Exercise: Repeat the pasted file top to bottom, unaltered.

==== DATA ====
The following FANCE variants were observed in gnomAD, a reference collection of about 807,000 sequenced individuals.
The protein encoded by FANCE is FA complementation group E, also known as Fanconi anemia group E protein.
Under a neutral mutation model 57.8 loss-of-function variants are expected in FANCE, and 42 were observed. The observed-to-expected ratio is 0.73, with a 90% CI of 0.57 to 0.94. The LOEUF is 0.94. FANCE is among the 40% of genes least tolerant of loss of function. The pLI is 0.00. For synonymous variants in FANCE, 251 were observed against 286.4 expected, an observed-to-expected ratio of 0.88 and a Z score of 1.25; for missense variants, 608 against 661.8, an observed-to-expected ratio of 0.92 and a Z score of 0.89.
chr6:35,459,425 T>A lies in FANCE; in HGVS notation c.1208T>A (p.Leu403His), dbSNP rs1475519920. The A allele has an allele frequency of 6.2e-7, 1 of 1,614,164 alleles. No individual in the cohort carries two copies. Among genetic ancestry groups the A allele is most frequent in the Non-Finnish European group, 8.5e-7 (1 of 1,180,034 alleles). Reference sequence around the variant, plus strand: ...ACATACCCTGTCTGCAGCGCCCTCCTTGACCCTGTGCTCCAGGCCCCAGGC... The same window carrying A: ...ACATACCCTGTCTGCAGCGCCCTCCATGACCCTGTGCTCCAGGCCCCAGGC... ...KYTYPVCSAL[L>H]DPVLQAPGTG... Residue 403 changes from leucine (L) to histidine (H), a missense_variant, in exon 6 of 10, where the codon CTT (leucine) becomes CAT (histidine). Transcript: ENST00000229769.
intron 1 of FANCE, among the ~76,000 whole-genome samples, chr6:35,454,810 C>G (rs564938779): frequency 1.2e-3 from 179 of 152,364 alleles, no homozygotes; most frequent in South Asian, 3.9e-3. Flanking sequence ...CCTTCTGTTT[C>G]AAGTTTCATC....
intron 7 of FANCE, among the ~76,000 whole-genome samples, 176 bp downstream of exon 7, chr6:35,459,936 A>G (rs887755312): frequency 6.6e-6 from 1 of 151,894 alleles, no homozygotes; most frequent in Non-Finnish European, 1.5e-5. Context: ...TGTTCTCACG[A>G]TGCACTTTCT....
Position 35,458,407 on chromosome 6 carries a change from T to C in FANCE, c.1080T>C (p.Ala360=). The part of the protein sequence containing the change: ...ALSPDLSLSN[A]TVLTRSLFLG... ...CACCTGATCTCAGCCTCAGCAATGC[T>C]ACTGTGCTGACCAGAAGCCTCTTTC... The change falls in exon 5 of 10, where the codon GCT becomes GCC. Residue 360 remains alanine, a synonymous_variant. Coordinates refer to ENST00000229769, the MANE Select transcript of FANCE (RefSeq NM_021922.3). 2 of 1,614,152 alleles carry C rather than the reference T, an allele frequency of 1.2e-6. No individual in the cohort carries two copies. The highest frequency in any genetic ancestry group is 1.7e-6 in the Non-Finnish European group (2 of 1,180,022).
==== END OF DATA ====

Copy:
The following FANCE variants were observed in gnomAD, a reference collection of about 807,000 sequenced individuals.
The protein encoded by FANCE is FA complementation group E, also known as Fanconi anemia group E protein.
Under a neutral mutation model 57.8 loss-of-function variants are expected in FANCE, and 42 were observed. The observed-to-expected ratio is 0.73, with a 90% CI of 0.57 to 0.94. The LOEUF is 0.94. FANCE is among the 40% of genes least tolerant of loss of function. The pLI is 0.00. For synonymous variants in FANCE, 251 were observed against 286.4 expected, an observed-to-expected ratio of 0.88 and a Z score of 1.25; for missense variants, 608 against 661.8, an observed-to-expected ratio of 0.92 and a Z score of 0.89.
chr6:35,459,425 T>A lies in FANCE; in HGVS notation c.1208T>A (p.Leu403His), dbSNP rs1475519920. The A allele has an allele frequency of 6.2e-7, 1 of 1,614,164 alleles. No individual in the cohort carries two copies. Among genetic ancestry groups the A allele is most frequent in the Non-Finnish European group, 8.5e-7 (1 of 1,180,034 alleles). Reference sequence around the variant, plus strand: ...ACATACCCTGTCTGCAGCGCCCTCCTTGACCCTGTGCTCCAGGCCCCAGGC... The same window carrying A: ...ACATACCCTGTCTGCAGCGCCCTCCATGACCCTGTGCTCCAGGCCCCAGGC... ...KYTYPVCSAL[L>H]DPVLQAPGTG... Residue 403 changes from leucine (L) to histidine (H), a missense_variant, in exon 6 of 10, where the codon CTT (leucine) becomes CAT (histidine). Transcript: ENST00000229769.
intron 1 of FANCE, among the ~76,000 whole-genome samples, chr6:35,454,810 C>G (rs564938779): frequency 1.2e-3 from 179 of 152,364 alleles, no homozygotes; most frequent in South Asian, 3.9e-3. Flanking sequence ...CCTTCTGTTT[C>G]AAGTTTCATC....
intron 7 of FANCE, among the ~76,000 whole-genome samples, 176 bp downstream of exon 7, chr6:35,459,936 A>G (rs887755312): frequency 6.6e-6 from 1 of 151,894 alleles, no homozygotes; most frequent in Non-Finnish European, 1.5e-5. Context: ...TGTTCTCACG[A>G]TGCACTTTCT....
Position 35,458,407 on chromosome 6 carries a change from T to C in FANCE, c.1080T>C (p.Ala360=). The part of the protein sequence containing the change: ...ALSPDLSLSN[A]TVLTRSLFLG... ...CACCTGATCTCAGCCTCAGCAATGC[T>C]ACTGTGCTGACCAGAAGCCTCTTTC... The change falls in exon 5 of 10, where the codon GCT becomes GCC. Residue 360 remains alanine, a synonymous_variant. Coordinates refer to ENST00000229769, the MANE Select transcript of FANCE (RefSeq NM_021922.3). 2 of 1,614,152 alleles carry C rather than the reference T, an allele frequency of 1.2e-6. No individual in the cohort carries two copies. The highest frequency in any genetic ancestry group is 1.7e-6 in the Non-Finnish European group (2 of 1,180,022).